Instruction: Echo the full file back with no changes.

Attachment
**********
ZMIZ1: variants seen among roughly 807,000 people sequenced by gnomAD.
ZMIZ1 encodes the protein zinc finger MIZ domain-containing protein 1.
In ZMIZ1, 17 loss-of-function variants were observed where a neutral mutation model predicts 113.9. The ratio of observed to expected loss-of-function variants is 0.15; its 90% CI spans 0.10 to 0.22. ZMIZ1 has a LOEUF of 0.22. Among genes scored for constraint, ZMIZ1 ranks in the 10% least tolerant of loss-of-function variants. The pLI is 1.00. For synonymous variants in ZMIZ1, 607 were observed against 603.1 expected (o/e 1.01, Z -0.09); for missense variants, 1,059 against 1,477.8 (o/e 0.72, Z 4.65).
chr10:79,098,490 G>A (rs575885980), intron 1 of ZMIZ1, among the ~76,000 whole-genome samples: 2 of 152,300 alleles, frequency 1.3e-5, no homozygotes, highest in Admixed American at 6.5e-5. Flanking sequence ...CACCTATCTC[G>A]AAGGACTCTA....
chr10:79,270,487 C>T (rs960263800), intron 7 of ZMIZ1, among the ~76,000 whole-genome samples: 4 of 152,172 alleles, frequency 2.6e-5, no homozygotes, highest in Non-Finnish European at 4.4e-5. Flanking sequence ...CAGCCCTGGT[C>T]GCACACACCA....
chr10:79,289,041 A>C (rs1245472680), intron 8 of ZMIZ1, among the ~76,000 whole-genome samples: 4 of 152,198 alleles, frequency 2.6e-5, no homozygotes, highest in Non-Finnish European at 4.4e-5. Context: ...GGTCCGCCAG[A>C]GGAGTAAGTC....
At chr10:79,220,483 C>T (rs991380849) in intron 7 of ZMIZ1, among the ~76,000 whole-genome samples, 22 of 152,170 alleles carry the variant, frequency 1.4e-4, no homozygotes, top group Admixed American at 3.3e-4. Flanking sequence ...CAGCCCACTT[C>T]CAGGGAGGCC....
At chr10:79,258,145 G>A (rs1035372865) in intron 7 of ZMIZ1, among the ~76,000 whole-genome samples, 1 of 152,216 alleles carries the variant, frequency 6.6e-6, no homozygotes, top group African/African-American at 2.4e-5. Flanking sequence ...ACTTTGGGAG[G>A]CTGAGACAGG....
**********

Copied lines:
ZMIZ1: variants seen among roughly 807,000 people sequenced by gnomAD.
ZMIZ1 encodes the protein zinc finger MIZ domain-containing protein 1.
In ZMIZ1, 17 loss-of-function variants were observed where a neutral mutation model predicts 113.9. The ratio of observed to expected loss-of-function variants is 0.15; its 90% CI spans 0.10 to 0.22. ZMIZ1 has a LOEUF of 0.22. Among genes scored for constraint, ZMIZ1 ranks in the 10% least tolerant of loss-of-function variants. The pLI is 1.00. For synonymous variants in ZMIZ1, 607 were observed against 603.1 expected (o/e 1.01, Z -0.09); for missense variants, 1,059 against 1,477.8 (o/e 0.72, Z 4.65).
chr10:79,098,490 G>A (rs575885980), intron 1 of ZMIZ1, among the ~76,000 whole-genome samples: 2 of 152,300 alleles, frequency 1.3e-5, no homozygotes, highest in Admixed American at 6.5e-5. Flanking sequence ...CACCTATCTC[G>A]AAGGACTCTA....
chr10:79,270,487 C>T (rs960263800), intron 7 of ZMIZ1, among the ~76,000 whole-genome samples: 4 of 152,172 alleles, frequency 2.6e-5, no homozygotes, highest in Non-Finnish European at 4.4e-5. Flanking sequence ...CAGCCCTGGT[C>T]GCACACACCA....
chr10:79,289,041 A>C (rs1245472680), intron 8 of ZMIZ1, among the ~76,000 whole-genome samples: 4 of 152,198 alleles, frequency 2.6e-5, no homozygotes, highest in Non-Finnish European at 4.4e-5. Context: ...GGTCCGCCAG[A>C]GGAGTAAGTC....
At chr10:79,220,483 C>T (rs991380849) in intron 7 of ZMIZ1, among the ~76,000 whole-genome samples, 22 of 152,170 alleles carry the variant, frequency 1.4e-4, no homozygotes, top group Admixed American at 3.3e-4. Flanking sequence ...CAGCCCACTT[C>T]CAGGGAGGCC....
At chr10:79,258,145 G>A (rs1035372865) in intron 7 of ZMIZ1, among the ~76,000 whole-genome samples, 1 of 152,216 alleles carries the variant, frequency 6.6e-6, no homozygotes, top group African/African-American at 2.4e-5. Flanking sequence ...ACTTTGGGAG[G>A]CTGAGACAGG....